Bath application of NBQX at increasing concentrations: (i) decreased ∫XIIn peak amplitude in a dose-dependent manner (EC50= 0.07 μm, n= 4, Fig. 1A); II peak recorded in voltage-clamp at −60 mV (EC50= 0.02 μm, n= 4, Fig. 5A), and; (ii) increased the period (EC50= 0.13 μm, Fig. 1A). Concentrations of NBQX between 0.1 and 0.5 μm eliminated inspiratory currents and hence XIIn activity (Fig. 1B).

image

Figure 1. AMPARs are obligatory for respiratory rhythm generation; NMDARs are not necessary A, antagonism of AMPARs with NBQX produced a dose-dependent decrease of the ∫XIIn amplitude (EC50= 0.07 μm) and an increase in period (EC50= 0.13 μm). Antagonism of NMDAR with MK-801, did not significantly affect ∫XIIn amplitude or period. B, representative II from a preBötC neuron and ∫XIIn discharge recorded from a neonate rat rhythmic slice in standard conditions. Bath application of 0.1–0.5 μm NBQX completely abolished respiratory activity at the system and single unit levels. C, bath application of 20 μm MK-801 alone did not significantly affect respiratory activity at the system and single unit levels. (*P < 0.05; **P < 0.01.)

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image

Figure 5. In 0 mm Mg2+ MK-801 shifted the NBQX dose–response curves for II and period to values similar to those in the presence of Mg2+ A, in 0 mm Mg2+ (^) bath application of NBQX at increasing concentrations decreased the II peak recorded from neurons voltage-clamped at −60 mV (EC50= 0.001 μm, n= 4, note that in the absence of NBQX, 0 mm Mg2+ increased II 3.4 ± 0.8 times with respect to control). II from preBötC neurons was measurable at NBQX concentrations in which II was no longer measurable in control conditions (•). In the absence of Mg2+ and the presence of MK-801 (□), lower concentrations of NBQX were necessary to decrease II peak at −60 mV (EC50= 0.1 μm, n= 4). NBQX dose–response curve for II peak in the presence of MK-801 is similar to the curve in control conditions (EC50= 0.02 μm, n= 4). B, in 0 mm Mg2+ bath application of NBQX at increasing concentrations increased period (EC50= 64.65 μm). The EC50 for period was 500 times greater with respect to the EC50 in control conditions (EC50= 0.13 μm). Bath application of MK-801 increased period to values close to control conditions (EC50= 0.12 μm). C, analysis of synaptic charge (QI) reveals the contribution of different components. Values were normalized against control (QI_ctrl= 1). See Results for description. (*P < 0.05; **P < 0.01.)

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Bath application of MK-801 (20 μm) did not significantly affect ∫XIIn peak amplitude (Fig. 1A, n= 13), the II peak and synaptic charge (QI) in voltage-clamp at −60 mV (n= 9, Figs 1C and 2A) or the mean period (from 7.4 ± 1.2 s in control conditions to 8.5 ± 1.1 s, n= 13, Fig. 1A).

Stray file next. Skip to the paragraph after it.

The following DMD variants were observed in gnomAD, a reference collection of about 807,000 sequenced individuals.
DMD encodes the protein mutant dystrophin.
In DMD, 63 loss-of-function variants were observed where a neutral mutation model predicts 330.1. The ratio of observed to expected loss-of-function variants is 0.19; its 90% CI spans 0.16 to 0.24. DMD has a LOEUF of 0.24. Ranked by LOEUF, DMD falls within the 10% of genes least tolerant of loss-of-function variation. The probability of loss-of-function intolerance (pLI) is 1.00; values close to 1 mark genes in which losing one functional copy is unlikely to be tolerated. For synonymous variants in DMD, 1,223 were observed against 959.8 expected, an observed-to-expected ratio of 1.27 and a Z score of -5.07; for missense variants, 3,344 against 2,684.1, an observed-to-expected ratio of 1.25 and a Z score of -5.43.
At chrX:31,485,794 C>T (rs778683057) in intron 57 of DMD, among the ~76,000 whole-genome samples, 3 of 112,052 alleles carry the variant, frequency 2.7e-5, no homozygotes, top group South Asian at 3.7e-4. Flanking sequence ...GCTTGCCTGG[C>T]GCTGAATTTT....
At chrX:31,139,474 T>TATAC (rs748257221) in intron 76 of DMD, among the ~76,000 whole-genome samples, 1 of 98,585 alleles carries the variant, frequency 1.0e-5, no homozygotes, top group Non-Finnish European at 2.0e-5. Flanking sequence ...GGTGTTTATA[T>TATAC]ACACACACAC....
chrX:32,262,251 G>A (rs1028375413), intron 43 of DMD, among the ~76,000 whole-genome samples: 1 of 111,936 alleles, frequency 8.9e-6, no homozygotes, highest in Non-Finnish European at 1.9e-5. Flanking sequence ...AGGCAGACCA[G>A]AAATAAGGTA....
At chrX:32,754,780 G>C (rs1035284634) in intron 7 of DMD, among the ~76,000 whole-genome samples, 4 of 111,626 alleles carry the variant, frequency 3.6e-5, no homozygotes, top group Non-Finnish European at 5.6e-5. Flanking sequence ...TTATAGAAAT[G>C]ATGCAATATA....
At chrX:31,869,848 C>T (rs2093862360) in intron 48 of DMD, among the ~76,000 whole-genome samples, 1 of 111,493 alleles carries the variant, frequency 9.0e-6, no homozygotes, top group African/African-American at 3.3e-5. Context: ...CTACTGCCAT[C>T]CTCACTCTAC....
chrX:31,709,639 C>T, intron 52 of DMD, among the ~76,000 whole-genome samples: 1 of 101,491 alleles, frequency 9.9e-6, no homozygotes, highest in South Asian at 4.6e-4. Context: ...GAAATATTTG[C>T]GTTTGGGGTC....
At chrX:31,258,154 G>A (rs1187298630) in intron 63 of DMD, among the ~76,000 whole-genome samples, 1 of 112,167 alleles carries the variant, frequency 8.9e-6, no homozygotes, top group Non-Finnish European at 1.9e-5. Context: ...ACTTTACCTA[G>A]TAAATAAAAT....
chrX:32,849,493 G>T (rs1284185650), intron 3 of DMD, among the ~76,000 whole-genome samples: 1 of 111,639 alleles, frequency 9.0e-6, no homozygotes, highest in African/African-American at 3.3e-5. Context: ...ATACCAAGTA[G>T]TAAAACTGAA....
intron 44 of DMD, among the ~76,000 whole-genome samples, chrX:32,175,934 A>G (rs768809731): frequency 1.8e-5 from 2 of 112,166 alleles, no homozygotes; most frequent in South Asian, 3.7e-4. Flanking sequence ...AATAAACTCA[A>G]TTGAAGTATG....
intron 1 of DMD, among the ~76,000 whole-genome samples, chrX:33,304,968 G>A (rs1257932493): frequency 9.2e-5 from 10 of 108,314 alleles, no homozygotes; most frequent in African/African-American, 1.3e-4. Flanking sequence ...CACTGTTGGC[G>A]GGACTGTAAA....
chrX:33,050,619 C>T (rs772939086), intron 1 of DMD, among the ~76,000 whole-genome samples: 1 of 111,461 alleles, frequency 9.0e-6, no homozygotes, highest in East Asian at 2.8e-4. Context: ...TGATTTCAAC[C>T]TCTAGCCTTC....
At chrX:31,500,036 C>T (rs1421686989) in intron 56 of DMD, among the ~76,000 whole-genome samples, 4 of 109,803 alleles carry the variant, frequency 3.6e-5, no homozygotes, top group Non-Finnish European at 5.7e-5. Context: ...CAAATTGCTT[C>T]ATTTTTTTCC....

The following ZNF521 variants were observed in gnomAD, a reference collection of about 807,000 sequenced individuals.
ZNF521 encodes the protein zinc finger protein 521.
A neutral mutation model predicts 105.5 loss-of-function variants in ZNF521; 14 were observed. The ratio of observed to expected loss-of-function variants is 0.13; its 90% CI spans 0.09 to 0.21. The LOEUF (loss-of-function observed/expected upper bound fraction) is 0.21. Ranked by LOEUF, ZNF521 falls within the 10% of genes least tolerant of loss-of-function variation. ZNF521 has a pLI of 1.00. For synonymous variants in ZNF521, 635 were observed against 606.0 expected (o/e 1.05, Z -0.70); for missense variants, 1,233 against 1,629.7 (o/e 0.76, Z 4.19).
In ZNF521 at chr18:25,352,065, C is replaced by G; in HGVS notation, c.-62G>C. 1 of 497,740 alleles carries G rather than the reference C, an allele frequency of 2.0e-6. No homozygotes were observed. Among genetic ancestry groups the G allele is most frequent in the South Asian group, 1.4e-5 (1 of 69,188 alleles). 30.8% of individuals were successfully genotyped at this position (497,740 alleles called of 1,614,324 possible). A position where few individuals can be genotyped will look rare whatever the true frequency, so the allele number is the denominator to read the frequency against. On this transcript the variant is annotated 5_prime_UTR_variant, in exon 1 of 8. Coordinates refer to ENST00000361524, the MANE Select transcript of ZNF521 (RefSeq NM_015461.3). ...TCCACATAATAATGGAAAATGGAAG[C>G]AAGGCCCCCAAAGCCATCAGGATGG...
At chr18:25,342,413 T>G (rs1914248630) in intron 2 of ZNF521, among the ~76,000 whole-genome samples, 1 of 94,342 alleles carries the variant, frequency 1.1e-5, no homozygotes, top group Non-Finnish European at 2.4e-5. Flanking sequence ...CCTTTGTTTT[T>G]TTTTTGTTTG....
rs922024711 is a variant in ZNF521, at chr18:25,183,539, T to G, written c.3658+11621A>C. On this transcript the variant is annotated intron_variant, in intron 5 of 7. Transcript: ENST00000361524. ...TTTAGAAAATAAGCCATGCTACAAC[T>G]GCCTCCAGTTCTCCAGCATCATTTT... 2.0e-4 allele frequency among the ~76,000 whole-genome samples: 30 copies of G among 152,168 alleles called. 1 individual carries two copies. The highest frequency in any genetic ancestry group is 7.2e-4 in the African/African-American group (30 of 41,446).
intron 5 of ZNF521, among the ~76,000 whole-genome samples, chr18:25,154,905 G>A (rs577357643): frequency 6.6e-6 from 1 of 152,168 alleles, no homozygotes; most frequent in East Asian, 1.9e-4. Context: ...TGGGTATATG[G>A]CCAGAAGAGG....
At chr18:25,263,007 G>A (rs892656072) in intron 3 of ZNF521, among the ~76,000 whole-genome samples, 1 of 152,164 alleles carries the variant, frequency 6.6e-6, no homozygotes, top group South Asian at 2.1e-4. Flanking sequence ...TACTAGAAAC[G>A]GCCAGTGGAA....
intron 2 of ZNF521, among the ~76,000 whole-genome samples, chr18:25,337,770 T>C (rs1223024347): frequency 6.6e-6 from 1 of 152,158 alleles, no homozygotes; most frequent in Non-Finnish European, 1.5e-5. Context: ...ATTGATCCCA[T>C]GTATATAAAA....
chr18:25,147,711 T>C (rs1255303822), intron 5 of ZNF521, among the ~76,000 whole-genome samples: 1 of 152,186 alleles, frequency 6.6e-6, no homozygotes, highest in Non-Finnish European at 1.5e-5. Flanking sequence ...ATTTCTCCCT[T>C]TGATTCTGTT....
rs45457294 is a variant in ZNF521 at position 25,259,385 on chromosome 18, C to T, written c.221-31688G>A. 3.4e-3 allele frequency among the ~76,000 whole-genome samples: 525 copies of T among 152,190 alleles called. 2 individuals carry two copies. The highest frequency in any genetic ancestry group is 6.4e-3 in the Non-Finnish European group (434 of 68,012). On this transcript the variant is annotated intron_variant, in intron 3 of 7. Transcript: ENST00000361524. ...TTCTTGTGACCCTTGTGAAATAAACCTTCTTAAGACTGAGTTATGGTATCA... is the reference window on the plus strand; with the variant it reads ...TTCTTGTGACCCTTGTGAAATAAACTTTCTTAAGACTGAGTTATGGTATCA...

image

Figure 2. NMDARs are present but not passing current in preBötC neurons in standard in vitro conditions A, black trace: II from a preBötC neuron voltage-clamped at −60 mV. Gray trace: II from same neuron in the presence of 20 μm MK-801. MK-801 did not significantly affect II amplitude. B, black trace: II from a preBötC neuron voltage-clamped at +40 mV. Note at this voltage II is outward. Dark grey trace: II from same neuron in the presence of 20 μm MK-801. Relief of voltage-dependent Mg2+ blockade unmasked a large component of NMDAR contributing to II. C, black trace: IGlu elicited by local pressure ejection of 100 μm glutamate in a synaptically isolated preBötC neuron voltage clamped at −60 mV. Gray trace: IGlu elicited with same parameters but in the presence of 100 μm TBOA. Glutamate uptake blockade significantly increased II peak and area. D, dark grey trace: IGlu in 100 μm TBOA. Light grey trace: IGlu in 100 μm TBOA and 20 μm MK-801. In the presence of TBOA, a large fraction of IGlu is NMDAR mediated. In this and subsequent figures, data were normalized against control (control = 1, dashed line), except in D in which data were normalized against values in TBOA. (*P < 0.05; **P < 0.01; ***P < 0.001.)

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NMDARs contribute to II when Mg2+ blockade is removed by depolarization

We questioned whether AMPARs dominate respiratory drive under control conditions due to suppression of NMDAR currents resulting from the latter's voltage-dependent Mg2+ block. In order to eliminate this block, we voltage-clamped preBötC neurons at +40 mV (due to a reversal potential of ∼0 mV, at this voltage II is outward). Subsequent bath application of MK-801 decreased the II peak by 25% (P < 0.05, n= 5, Fig. 2B) and decreased QI by 56% with respect to basal conditions (P < 0.001, Fig. 2B). Thus when the voltage-dependent Mg2+ block is removed, a substantial NMDAR-component contributes to II.

Inhibition of glutamate uptake unmasks a substantial population of NMDARs in preBötC neurons